Emma Shackleton  2:23  

Okay, I'm just glad that we're through the terrible twos and I hope our third year will be better. 

Simon Currigan  2:29  

Year of tantrums. Yeah?

Emma Shackleton  2:32  

This is a bit different. But the one then this is exciting. Let's have a nostalgic look back to 2021. 

Simon Currigan  2:38  

Remember to play at home as you're listening to this. In October of 2021. The World Health Organisation endorsed the first vaccine, but for which disease? 

Emma Shackleton  2:49  


Simon Currigan  2:50  

No, it was malaria.

Emma Shackleton  2:53  

Oh, okay. 

Simon Currigan  2:54  

Yeah, see what I did there took an unexpected twist. Okay, next question. Which country or artist won the Eurovision Song Contest in 2021.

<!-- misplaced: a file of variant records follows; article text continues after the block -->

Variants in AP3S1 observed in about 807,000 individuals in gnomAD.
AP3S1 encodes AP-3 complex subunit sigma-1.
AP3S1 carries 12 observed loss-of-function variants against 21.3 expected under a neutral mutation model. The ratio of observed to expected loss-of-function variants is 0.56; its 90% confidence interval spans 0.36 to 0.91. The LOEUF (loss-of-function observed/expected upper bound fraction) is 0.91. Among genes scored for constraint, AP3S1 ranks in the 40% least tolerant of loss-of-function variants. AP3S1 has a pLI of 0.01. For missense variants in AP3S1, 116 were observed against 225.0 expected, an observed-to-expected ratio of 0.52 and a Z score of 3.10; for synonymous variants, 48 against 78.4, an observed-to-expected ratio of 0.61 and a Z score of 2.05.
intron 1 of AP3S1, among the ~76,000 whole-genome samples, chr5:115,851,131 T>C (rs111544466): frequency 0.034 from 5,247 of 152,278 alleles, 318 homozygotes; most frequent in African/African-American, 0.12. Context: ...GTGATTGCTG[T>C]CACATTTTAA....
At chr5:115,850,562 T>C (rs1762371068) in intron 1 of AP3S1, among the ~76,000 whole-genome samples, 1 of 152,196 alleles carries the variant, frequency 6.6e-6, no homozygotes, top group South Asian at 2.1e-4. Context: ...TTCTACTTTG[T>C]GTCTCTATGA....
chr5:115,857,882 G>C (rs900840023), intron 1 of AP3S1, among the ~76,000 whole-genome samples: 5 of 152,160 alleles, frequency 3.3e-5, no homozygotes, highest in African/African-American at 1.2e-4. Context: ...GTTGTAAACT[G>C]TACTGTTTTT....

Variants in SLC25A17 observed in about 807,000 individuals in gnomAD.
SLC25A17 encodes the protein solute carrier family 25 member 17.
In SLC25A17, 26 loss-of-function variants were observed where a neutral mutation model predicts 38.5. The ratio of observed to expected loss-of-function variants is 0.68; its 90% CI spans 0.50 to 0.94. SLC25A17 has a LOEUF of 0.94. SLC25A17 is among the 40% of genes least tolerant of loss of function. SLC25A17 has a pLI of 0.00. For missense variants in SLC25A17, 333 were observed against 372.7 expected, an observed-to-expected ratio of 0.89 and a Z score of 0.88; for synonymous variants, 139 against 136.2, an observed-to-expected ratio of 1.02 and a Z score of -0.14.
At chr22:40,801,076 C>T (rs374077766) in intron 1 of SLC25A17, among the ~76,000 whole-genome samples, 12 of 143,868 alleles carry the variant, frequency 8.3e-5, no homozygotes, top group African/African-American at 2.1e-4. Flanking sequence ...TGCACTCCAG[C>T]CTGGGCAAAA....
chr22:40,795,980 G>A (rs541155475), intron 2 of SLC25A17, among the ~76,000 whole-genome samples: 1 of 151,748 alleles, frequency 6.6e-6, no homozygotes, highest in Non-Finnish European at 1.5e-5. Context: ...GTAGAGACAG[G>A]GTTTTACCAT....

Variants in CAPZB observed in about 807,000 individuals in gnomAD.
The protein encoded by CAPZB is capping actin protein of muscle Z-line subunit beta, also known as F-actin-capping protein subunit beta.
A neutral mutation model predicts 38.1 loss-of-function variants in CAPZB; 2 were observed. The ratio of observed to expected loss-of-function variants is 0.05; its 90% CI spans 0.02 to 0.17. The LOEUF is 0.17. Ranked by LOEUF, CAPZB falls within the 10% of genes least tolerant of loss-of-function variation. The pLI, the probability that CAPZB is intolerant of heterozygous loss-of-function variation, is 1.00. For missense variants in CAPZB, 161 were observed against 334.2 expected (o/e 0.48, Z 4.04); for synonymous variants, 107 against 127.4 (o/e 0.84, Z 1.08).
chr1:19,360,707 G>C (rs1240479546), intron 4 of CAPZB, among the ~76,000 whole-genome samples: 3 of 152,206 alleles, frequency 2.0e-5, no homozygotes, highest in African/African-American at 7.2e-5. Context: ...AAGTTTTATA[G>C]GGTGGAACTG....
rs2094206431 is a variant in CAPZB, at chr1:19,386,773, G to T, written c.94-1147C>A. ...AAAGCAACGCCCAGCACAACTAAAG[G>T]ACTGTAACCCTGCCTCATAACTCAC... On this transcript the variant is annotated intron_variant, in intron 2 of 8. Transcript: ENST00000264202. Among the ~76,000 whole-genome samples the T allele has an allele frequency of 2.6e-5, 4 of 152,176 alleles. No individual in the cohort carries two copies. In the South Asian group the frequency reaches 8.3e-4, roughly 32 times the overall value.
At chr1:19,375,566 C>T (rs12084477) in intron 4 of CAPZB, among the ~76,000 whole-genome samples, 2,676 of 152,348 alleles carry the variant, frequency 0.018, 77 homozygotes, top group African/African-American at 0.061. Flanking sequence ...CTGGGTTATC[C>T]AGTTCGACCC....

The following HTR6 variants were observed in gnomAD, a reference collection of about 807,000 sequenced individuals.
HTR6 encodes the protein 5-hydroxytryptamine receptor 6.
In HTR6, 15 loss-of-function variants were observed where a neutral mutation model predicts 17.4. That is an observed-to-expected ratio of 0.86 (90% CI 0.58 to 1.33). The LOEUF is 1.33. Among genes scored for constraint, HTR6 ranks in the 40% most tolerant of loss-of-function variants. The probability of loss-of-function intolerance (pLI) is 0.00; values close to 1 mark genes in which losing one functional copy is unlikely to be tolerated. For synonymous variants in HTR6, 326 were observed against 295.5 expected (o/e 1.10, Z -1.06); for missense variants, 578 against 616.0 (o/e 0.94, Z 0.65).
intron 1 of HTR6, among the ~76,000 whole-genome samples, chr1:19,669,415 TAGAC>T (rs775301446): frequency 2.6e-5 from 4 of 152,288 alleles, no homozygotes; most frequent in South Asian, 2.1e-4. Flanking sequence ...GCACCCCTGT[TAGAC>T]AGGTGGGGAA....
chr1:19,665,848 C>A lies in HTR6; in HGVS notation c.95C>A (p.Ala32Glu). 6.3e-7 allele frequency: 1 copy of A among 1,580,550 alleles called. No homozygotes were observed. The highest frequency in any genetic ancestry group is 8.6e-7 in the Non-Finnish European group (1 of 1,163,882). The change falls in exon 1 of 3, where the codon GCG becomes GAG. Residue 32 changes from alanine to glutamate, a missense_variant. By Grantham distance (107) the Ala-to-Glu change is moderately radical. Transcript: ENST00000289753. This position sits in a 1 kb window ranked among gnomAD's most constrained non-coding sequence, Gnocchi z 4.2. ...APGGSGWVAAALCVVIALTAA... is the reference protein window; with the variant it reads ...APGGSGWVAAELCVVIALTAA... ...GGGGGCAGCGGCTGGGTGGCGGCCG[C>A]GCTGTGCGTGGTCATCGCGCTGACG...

Emma Shackleton  3:04  

Absolutely no idea never watched it. 

Simon Currigan  3:06  

It was like that's ruined attention as me that's just sucked out any kind of for those who are playing at home, it was Italy and the group was Maskin. Okay, final question excited?

Emma Shackleton  3:18  

Not really. But go on 

Simon Currigan  3:19  

The stars of which popular 90's sitcom reunited for one show, drawing in Sky One's biggest ever live audience. What was the sitcom?

Emma Shackleton  3:31  


Simon Currigan  3:32  

It was friends. Well done. 

Emma Shackleton  3:33  

So I got one out of three. Brilliant. Hopefully people at home did better than me. Okay, that was marginally interesting. And it's almost time to get into those key insights and strategies to focus on in your classrooms in 2024. But before we get to that, I just like to ask you if you're listening at home to like and subscribe so that future episodes are downloaded onto your podcast app. And that means you will never miss a thing